The disaster did have a sobering effect on me, though. At my present age (I’ll let you do the math), I am acutely aware that life is fragile, and that bad things happen to good people. I wasn’t as aware of this in 1986. Continue reading “Challenger disaster +37 years”

My grandmother’s favorite TV show

I didn’t realize that all four of The Golden Girls had passed. Betty White, the last of them, died on New Year’s Eve, 2021.

But I suppose I should not be surprised, given that the show has been off the air for 30 years, and the actresses were rather advanced in years even when the show was filmed.

Back in the day, I wasn’t a fan of The Golden Girls (1985-1992), not because I actively disliked it, but because I was outside the show’s target demographic. I was between the ages of 17 and 24 while The Golden Girls was in primetime. A sitcom about four elderly women was difficult for me to relate to at the time, I guess.

But my grandmother, who was born the same year as Betty White and Beatrice Arthur (1922), absolutely loved it. My grandfather, born in 1921, watched it, too. (My grandfather loved television, and would watch almost anything.)

I have fond memories of dropping by my grandparents’ house in the late 1980s and early 1990s, to find them both tuned in to this much loved, bygone television show. The show delighted my grandmother to no end. 

So I suppose I am a fan of The Golden Girls, after all. I just didn’t know it back then.

Kirstie Alley (1951-2022)

Actress Kirstie Alley has passed away following a long battle with cancer, according to the late actress’s spokespersons.

I remember Kirstie Alley as Saavik in The Wrath of Khan, the 1982 Star Trek movie. But my fondest onscreen memories of her are from her long role (1987-93) as Rebecca Howe on Cheers. Alley joined Cheers after the situation comedy had already been running for five years. She replaced Shelley Long as the show’s female lead.

Cheers was already the best sitcom on television, and Kirstie Alley made it even better. Many of her scenes opposite Ted Danson can still make me guffaw.

A great actress who leaves behind some memorable performances. Some of television comedy’s best, in fact. 

Kirstie Alley, 71, R.I.P.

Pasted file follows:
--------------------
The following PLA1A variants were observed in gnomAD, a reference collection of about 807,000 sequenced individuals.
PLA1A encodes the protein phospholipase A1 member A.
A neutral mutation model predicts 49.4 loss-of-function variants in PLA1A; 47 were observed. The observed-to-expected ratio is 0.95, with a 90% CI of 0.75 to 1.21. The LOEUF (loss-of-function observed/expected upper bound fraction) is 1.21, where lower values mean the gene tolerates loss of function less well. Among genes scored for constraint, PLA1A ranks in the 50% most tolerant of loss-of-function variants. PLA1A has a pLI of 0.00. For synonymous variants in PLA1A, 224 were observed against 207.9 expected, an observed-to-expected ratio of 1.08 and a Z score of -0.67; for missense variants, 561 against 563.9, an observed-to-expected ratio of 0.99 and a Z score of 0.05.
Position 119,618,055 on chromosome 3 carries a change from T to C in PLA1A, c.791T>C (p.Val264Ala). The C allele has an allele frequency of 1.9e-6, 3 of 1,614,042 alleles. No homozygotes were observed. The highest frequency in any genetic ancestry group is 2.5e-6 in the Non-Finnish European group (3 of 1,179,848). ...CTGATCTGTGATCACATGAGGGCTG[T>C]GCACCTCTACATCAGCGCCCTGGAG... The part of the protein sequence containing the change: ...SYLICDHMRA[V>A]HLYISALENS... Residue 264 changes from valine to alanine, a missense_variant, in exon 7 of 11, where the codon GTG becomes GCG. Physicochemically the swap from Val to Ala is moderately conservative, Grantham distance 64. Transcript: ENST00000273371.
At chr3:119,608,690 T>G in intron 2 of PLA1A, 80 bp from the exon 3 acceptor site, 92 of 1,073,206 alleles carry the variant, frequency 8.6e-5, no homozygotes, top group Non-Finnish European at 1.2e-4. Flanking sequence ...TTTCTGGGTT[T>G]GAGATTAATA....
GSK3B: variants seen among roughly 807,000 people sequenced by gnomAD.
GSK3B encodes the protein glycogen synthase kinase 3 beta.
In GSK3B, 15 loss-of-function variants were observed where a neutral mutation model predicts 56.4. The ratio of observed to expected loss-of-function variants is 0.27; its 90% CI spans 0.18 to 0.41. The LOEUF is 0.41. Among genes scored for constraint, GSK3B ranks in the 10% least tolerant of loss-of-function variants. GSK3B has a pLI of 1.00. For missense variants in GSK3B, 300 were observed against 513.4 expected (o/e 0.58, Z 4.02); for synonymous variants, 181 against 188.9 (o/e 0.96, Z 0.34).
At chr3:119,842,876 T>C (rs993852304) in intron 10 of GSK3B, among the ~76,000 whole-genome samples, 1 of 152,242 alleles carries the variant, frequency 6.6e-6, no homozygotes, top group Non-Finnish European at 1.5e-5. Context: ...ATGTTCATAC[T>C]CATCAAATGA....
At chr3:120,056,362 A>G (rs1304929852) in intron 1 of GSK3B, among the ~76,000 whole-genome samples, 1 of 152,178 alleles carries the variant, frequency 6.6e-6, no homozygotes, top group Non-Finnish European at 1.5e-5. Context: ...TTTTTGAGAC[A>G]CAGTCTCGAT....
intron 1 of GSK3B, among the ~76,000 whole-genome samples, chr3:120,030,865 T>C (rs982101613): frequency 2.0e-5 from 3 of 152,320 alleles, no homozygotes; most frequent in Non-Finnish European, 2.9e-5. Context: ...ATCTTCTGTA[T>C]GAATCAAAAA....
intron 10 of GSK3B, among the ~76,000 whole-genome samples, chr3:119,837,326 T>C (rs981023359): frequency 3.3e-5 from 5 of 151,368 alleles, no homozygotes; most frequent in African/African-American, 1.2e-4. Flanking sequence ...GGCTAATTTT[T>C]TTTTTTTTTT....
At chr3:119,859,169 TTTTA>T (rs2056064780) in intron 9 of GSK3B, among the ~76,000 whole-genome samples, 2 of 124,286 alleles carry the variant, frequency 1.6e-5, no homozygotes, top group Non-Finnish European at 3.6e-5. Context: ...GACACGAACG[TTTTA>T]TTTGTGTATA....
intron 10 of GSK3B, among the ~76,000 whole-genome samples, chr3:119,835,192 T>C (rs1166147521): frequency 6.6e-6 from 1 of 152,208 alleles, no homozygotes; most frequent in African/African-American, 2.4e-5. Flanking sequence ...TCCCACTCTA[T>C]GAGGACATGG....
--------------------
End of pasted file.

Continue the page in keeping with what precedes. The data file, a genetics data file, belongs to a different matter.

Loretta Lynn and the American dream

I won’t lie: I barely know Tim McGraw from Buck Owens. Country music has never been my cup of tea. 

But who can’t relate to the song, “Coal Miner’s Daughter”? 

Whatever your musical tastes, it’s inspiring to think that a girl born in Butcher Hollow, Kentucky at the height of the Great Depression could grow up to become instantly recognizable, even to those of us who don’t listen to much country music. 

She also brought joy to millions of people with her music for more than six decades. You might not be a rabid Loretta Lynn fan, but you probably know someone who is. Here in southern Ohio, I know plenty of them.

Loretta Lynn, 90, RIP.

PJ O’Rourke (1947 – 2022)

I was browsing in a Barnes & Noble superstore back in the mid-90s one day, when I happened to come across a book entitled All the Trouble in the World: The Lighter Side of Overpopulation, Famine, Ecological Disaster, Ethnic Hatred, Plague, and Poverty

The author of the book was P.J. O’Rourke. 

I was only vaguely aware of O’Rourke at that time. I knew that he was a political commentator. But a different kind of political commentator: O’Rourke brought humor to controversial issues that made most everyone else mad. 

That was his reputation, anyway. So I decided to give the above title a try.

Suffice it to say that All the Trouble in the World not only kept my attention, it also made me laugh out loud. I was instantly hooked, and I have been a fan of O’Rourke’s ever since.

The mid-1990s were more laid-back, less angry times. The culture wars were already flaring up here and there; but mostly they were on a low simmer. 

I immediately recognized O’Rourke as a man who saw things as I did. He was a conservative-leaning moderate, who had no patience for pointy-headed double-talk, and the histrionics of what is now called “wokeness”.

But at the same time, PJ O’Rourke was not mean-spirited. He sought to point out the flaws in the philosophy that had already come to be known as the New Left. Having flirted with the New Left himself in his college days, O’Rourke knew firsthand that political leftism is an  intellectual disorder, but not an incurable one. He also realized that persuasion and humor could win a lot more hearts and minds than shrill denunciations.

In more recent years, O’Rourke has been somewhat mismatched to the times: a genuinely funny man in an age that has lost its sense of humor. Nevertheless, he maintained a following… myself included.

I found out today that PJ O’Rourke has passed away at the age of 74. He was apparently suffering from some serious lung-related issues.

While by no means a young man, his output had continued at more or less the pace of a book a year. I had looked forward to reading the essays and collections that he had yet to write.

This is one literary figure whom I will sorely miss. PJ O’Rourke, age 74, RIP.